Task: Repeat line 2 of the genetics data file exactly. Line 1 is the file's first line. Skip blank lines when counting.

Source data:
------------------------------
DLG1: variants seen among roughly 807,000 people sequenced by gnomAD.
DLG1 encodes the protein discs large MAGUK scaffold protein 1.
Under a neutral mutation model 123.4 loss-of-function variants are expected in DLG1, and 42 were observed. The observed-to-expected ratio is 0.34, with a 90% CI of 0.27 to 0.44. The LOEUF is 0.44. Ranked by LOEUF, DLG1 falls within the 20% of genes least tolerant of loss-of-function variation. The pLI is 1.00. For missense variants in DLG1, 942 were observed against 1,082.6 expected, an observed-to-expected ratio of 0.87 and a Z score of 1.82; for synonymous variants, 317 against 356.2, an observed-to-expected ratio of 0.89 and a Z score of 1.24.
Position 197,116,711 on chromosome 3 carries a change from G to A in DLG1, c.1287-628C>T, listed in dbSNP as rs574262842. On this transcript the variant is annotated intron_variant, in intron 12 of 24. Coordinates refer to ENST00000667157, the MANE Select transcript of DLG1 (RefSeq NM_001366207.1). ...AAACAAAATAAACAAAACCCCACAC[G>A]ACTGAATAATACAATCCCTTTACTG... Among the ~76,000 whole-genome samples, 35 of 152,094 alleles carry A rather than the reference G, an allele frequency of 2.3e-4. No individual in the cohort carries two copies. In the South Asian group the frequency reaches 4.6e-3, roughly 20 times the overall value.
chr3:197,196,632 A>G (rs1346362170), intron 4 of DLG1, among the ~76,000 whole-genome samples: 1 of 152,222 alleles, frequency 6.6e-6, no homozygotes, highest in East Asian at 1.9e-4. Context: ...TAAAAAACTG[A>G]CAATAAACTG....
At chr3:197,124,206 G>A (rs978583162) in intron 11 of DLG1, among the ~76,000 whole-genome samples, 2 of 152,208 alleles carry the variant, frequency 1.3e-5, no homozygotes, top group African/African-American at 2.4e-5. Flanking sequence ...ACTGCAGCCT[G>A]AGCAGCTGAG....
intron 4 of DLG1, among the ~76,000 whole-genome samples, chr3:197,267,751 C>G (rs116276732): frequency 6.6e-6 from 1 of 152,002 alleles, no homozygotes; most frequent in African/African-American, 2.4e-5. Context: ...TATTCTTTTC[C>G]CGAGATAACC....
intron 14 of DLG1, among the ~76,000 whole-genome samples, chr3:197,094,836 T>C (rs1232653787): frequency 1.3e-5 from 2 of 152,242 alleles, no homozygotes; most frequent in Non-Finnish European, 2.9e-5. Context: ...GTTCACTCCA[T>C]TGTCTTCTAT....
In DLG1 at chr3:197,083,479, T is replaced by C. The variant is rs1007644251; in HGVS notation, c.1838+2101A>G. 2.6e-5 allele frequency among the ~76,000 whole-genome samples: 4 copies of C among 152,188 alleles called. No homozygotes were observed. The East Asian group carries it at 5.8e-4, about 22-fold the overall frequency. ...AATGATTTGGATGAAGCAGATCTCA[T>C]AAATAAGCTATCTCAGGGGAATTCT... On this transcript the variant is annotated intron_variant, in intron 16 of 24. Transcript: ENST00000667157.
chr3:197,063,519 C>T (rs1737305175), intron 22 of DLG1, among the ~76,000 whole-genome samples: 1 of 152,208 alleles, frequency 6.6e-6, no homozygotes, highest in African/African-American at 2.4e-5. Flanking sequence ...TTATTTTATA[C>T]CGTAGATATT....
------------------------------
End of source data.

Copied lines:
DLG1 encodes the protein discs large MAGUK scaffold protein 1.